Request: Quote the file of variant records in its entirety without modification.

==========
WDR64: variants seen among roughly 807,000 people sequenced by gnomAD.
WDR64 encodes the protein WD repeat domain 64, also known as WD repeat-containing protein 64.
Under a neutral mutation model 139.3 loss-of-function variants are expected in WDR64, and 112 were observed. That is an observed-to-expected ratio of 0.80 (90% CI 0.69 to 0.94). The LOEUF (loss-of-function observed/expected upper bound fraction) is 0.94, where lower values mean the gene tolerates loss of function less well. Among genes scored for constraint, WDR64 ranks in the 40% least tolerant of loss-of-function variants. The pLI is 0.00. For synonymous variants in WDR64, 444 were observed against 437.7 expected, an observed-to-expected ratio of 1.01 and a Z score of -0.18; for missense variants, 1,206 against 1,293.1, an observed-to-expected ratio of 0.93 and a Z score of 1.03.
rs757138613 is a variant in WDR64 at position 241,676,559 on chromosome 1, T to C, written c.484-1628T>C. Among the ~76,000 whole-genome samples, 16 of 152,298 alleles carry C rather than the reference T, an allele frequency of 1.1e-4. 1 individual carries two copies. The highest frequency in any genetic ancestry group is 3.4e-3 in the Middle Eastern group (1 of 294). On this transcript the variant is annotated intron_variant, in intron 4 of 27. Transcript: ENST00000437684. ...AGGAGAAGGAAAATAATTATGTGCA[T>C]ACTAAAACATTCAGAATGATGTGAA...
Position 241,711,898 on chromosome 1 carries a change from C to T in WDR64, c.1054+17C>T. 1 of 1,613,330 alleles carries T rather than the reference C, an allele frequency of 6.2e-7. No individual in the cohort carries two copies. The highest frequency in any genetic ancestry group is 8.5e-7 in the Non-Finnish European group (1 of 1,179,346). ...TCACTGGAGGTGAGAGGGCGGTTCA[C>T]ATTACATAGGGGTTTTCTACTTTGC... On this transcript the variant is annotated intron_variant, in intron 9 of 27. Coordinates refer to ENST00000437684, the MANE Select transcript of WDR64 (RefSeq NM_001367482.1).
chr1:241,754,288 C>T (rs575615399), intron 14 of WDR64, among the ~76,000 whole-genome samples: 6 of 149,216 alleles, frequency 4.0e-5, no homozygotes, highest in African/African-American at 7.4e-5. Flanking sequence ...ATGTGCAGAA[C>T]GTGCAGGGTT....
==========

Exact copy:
WDR64: variants seen among roughly 807,000 people sequenced by gnomAD.
WDR64 encodes the protein WD repeat domain 64, also known as WD repeat-containing protein 64.
Under a neutral mutation model 139.3 loss-of-function variants are expected in WDR64, and 112 were observed. That is an observed-to-expected ratio of 0.80 (90% CI 0.69 to 0.94). The LOEUF (loss-of-function observed/expected upper bound fraction) is 0.94, where lower values mean the gene tolerates loss of function less well. Among genes scored for constraint, WDR64 ranks in the 40% least tolerant of loss-of-function variants. The pLI is 0.00. For synonymous variants in WDR64, 444 were observed against 437.7 expected, an observed-to-expected ratio of 1.01 and a Z score of -0.18; for missense variants, 1,206 against 1,293.1, an observed-to-expected ratio of 0.93 and a Z score of 1.03.
rs757138613 is a variant in WDR64 at position 241,676,559 on chromosome 1, T to C, written c.484-1628T>C. Among the ~76,000 whole-genome samples, 16 of 152,298 alleles carry C rather than the reference T, an allele frequency of 1.1e-4. 1 individual carries two copies. The highest frequency in any genetic ancestry group is 3.4e-3 in the Middle Eastern group (1 of 294). On this transcript the variant is annotated intron_variant, in intron 4 of 27. Transcript: ENST00000437684. ...AGGAGAAGGAAAATAATTATGTGCA[T>C]ACTAAAACATTCAGAATGATGTGAA...
Position 241,711,898 on chromosome 1 carries a change from C to T in WDR64, c.1054+17C>T. 1 of 1,613,330 alleles carries T rather than the reference C, an allele frequency of 6.2e-7. No individual in the cohort carries two copies. The highest frequency in any genetic ancestry group is 8.5e-7 in the Non-Finnish European group (1 of 1,179,346). ...TCACTGGAGGTGAGAGGGCGGTTCA[C>T]ATTACATAGGGGTTTTCTACTTTGC... On this transcript the variant is annotated intron_variant, in intron 9 of 27. Coordinates refer to ENST00000437684, the MANE Select transcript of WDR64 (RefSeq NM_001367482.1).
chr1:241,754,288 C>T (rs575615399), intron 14 of WDR64, among the ~76,000 whole-genome samples: 6 of 149,216 alleles, frequency 4.0e-5, no homozygotes, highest in African/African-American at 7.4e-5. Flanking sequence ...ATGTGCAGAA[C>T]GTGCAGGGTT....